On its UK website, Finitri’s ‘Finitro Forte Plus’ continues to claim to be the, ‘The cure for osteoarthritis!’ amid other claims like joint pain reduction in two weeks, despite the ASA ruling the claims in blatant breach of the European Union nutrition and health claims regulation (NHCR).
While Finitri did not respond to requests for comment, the ASA told us its compliance team was looking into the matter and that the websites would likely appear on its 'enhanced name and shame' list if they remained unchanged.
Under its working arrangements with search engines like Google, this meant any searches for the product would bring up the ASA name and shame link first.
ASA's Matt Wilson said other measures included removing any paid-for ads via search engine agreement; advising trade associations to take action; closing down web domains or referral to courts.
"Court action is a last resort but we will issue such action if other measures fail," Wilson said.
In its ruling the ASA said, “We considered the references in the claims to the rebuilding of cartilage and the resultant reduction in pain were health claims."
“We noted that we had received no evidence that the health claims were authorised on the EU register and we therefore concluded that the claims breached the Code.”
“Furthermore, we considered that in the context of an ad which referenced arthritis and rheumatism, the claims were also implied claims that the supplement could cure those diseases and such claims were prohibited under the Code.”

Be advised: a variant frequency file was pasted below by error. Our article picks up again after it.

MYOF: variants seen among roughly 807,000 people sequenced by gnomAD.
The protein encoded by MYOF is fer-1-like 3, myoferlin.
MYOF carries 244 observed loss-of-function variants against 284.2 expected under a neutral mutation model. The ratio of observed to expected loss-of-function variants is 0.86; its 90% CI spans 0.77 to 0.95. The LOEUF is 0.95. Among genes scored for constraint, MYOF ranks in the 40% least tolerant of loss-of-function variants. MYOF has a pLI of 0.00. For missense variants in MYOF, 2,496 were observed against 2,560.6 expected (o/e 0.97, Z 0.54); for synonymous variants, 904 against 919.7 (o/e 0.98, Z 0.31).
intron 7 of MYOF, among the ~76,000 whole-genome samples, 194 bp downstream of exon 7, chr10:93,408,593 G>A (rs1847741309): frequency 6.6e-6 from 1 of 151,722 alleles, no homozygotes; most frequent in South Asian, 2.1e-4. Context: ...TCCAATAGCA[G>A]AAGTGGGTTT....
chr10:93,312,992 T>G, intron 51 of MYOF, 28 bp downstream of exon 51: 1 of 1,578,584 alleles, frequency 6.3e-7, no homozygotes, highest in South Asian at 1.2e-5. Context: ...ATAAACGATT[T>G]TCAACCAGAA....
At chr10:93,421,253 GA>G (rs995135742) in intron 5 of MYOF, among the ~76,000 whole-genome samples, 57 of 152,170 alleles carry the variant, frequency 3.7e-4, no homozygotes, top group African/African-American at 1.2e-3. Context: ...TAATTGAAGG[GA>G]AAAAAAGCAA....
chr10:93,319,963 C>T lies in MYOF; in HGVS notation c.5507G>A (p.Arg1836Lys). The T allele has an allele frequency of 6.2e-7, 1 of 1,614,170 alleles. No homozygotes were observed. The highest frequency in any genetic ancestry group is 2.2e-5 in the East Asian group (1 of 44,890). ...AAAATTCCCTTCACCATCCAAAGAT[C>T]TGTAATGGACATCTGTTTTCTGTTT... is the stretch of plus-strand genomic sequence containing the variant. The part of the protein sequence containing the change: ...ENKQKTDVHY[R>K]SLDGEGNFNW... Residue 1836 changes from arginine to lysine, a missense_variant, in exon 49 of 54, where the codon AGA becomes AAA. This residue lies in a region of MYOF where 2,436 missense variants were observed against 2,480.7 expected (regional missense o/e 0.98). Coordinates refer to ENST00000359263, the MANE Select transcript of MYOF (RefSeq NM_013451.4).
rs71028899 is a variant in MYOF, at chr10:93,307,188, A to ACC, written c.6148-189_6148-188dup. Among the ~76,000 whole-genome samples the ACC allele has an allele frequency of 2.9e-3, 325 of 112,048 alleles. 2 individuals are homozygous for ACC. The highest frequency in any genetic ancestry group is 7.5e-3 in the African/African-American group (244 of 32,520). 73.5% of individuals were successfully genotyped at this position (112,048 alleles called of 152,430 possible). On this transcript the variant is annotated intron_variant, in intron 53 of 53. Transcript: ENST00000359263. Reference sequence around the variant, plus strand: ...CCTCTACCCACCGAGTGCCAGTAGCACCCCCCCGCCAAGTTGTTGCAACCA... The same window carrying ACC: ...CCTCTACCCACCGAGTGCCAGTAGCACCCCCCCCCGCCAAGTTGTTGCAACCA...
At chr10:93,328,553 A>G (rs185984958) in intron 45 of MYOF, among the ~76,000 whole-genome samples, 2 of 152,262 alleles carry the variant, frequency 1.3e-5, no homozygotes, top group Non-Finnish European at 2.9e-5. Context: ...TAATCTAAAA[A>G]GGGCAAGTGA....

Other claims being made on Finitri’s site included: "After continuous use of Finitro Forte Plus, you may expect the recovery of the cartilage and a life free of pain".
Alcopal: Clever little ingredient? Not very clever marketing...
In a separate ruling, the ASA found alcohol absorption claims for a food supplement called Alcopal were also unauthorised under the NHCR. Like Finitri, the Birmingham-based firm has ignored the ruling and gone to ground.
Alcopal claimed to contain, “clever little ingredients” that, “prevents alcohol being absorbed through the stomach and into the bloodstream; it also gives some protection to the liver and kidneys".
It did not reveal what that ingredient was.
Complaints were raised by Birmingham Trading Standards and upheld by the ASA which expressed its concern at the lack of response from the firm.
The ASA found the claims, “presented Alcopal tablets as having an effect on a function of the body ‒ the absorption of alcohol into the bloodstream ‒ which had a beneficial effect on health, namely a reduction in the negative effects of alcohol consumption.”
It said this claim was unauthorised and should no longer appear in its current form.
ASA's cross-sector list of non-compliant advertisers can be found here.